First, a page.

About five years ago, Burt Lancaster and Kirk Douglas co-starred in a comedy called "Tough Guys," which was specifically written for them by a pair of young screenwriters - James Orr and Jim Cruickshank - who simply wanted to see the two stars together in a movie again. (Lancaster and Douglas had previously shared billing in six pictures.)

Not that they had become invisible. Both stars maintained active careers on the stage and television, but theatrical films had gradually become fewer and farther between, and were generally disappointing.As it turned out, "Tough Guys" was also a disappointment. But it seemed to me at the time to be a serious step in the right direction, an effort by young Hollywood to create movies for the stars of old Hollywood.

And why not?

Certainly Lancaster and Douglas were still vibrant, active performers in 1986, despite being, respectively, 73 and 70 years old. (Lancaster recenty suffered a stroke, but Douglas is still quite active, as you'll see when he's the subject of an American Film Institute salute, scheduled to be televised Thursday, May 23, at 9 p.m. on Ch. 5.)

The truth is, a lot of stars from Hollywood's golden age are quite capable of working but simply don't get the opportunity.

Let's face it, movies like "Driving Miss Daisy" or "On Golden Pond" just don't come along that often.

There's a reason for that, of course - the well-documented cliche that Hollywood is geared toward youth, young filmmakers writing for and directing young actors in movies about being young and staying young. The thinking is that the primary moviegoing audience, young teens through early yuppies, will not turn out in great enough numbers to support a movie about older people.

Of course, that begs the question - why then did "Driving Miss Daisy" and "On Golden Pond" both become $100 million hits?

Could it be that on those rare occasions when an intelligent movie about people over the age of 15 plays in theaters, it attracts an older audience that doesn't normally go to movies?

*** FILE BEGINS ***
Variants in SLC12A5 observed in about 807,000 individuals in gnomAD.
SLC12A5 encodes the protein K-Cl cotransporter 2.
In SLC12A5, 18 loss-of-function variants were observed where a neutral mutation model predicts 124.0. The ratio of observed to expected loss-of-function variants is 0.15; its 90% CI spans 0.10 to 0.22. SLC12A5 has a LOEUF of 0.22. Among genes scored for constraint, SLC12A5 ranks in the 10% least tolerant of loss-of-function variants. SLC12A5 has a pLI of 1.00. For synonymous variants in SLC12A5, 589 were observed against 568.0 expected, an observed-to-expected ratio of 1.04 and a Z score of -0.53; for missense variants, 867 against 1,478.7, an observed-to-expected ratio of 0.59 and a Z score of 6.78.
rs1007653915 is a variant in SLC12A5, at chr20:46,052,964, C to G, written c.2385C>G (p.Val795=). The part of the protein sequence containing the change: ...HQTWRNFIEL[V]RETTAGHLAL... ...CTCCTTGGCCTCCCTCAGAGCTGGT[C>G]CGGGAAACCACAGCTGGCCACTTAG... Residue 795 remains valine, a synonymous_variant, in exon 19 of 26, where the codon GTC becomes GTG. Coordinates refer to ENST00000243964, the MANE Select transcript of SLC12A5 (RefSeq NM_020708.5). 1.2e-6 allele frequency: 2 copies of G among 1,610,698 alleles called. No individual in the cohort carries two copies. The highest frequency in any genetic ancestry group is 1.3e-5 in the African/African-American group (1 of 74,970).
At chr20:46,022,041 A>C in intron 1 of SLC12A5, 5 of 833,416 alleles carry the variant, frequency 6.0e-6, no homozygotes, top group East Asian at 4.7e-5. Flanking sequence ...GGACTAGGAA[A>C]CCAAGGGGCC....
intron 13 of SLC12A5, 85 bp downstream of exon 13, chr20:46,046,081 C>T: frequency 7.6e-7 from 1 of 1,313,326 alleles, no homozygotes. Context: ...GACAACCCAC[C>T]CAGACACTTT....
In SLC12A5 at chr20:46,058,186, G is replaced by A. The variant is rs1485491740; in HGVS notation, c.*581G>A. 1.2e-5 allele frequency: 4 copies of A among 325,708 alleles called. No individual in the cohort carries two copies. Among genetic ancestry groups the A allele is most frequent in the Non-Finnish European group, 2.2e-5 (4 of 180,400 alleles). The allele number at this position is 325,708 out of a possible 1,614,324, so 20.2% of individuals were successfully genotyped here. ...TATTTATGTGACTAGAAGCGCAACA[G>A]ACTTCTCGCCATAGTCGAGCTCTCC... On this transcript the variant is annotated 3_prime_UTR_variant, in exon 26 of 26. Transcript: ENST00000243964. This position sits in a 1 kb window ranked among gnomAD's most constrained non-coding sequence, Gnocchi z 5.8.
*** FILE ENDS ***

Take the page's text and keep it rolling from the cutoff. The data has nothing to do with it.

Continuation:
Occasionally we do get to see older stars show their stuff, and invariably they turn in memorable performances.

Think of Don Ameche and Ralph Bellamy in "Trading Places," back in 1983. Though it is primarily remembered as Eddie Murphy's second movie - and Murphy was the showstopper - Ameche and Bellamy easily held their own. So much so that Ameche's career was significantly revived and he went on to co-star in the two ensemble "Cocoon" movies (winning an Oscar for the first), and then a starring role in the splendid "Things Change."

Ameche most recently turned up in a small role in the Sylvester Stallone comedy "Oscar," directed by John Landis, who also did "Trading Places." In "Oscar" you can also see, albeit in small roles, Yvonne De Carlo, Eddie Bracken and, yes, Kirk Douglas.

Bracken, a bright comic star in the '40s, had a significant role a few years back in Harold Ramis and John Hughes' "National Lampoon's Vacation," as the Wally who owns "Wally World." In "Oscar" he has a memorably comic role as a stuttering stoolie.

And Vincent Price, who hadn't been seen in a major movie for quite a few years, had an important role last year in Tim Burton's "Edward Scissorhands."

The latest is Maureen O'Hara, returning to the screen after a 20-year absence, in Chris Columbus' "Only the Lonely," playing John Candy's mother. And she's fabulous in a very difficult role. (Columbus also wrote a role for Anthony Quinn - and got him for the film as well.)

What is most significant about all of this, however, is that most of these films feature stars in parts that were tailor-made for them - in most cases, specifically written for them. And by very young filmmakers who simply wanted to see screen idols back on the screen.

Steven Spielberg's production of "*batteries not included" was shaped to star Hume Cronyn and Jessica Tandy.

Tim Burton, who had already become acquainted with Vincent Price, wrote the role of the old inventor in "Edward Scissorhands" for him.

Chris Columbus wrote the "Only the Lonely" role for Maureen O'Hara, then went searching for her to talk her into doing it.

Personally, I would like to think this might be the beginning of a trend.

But then, that's what I thought about "Tough Guys" in 1986.

Still, if "Only the Lonely" is successful, perhaps there will be more call in Hollywood, not just for older stars, but older characters in movieswho are not simply relegated to the background.

In fact, that thought becomes more appealing the older I get.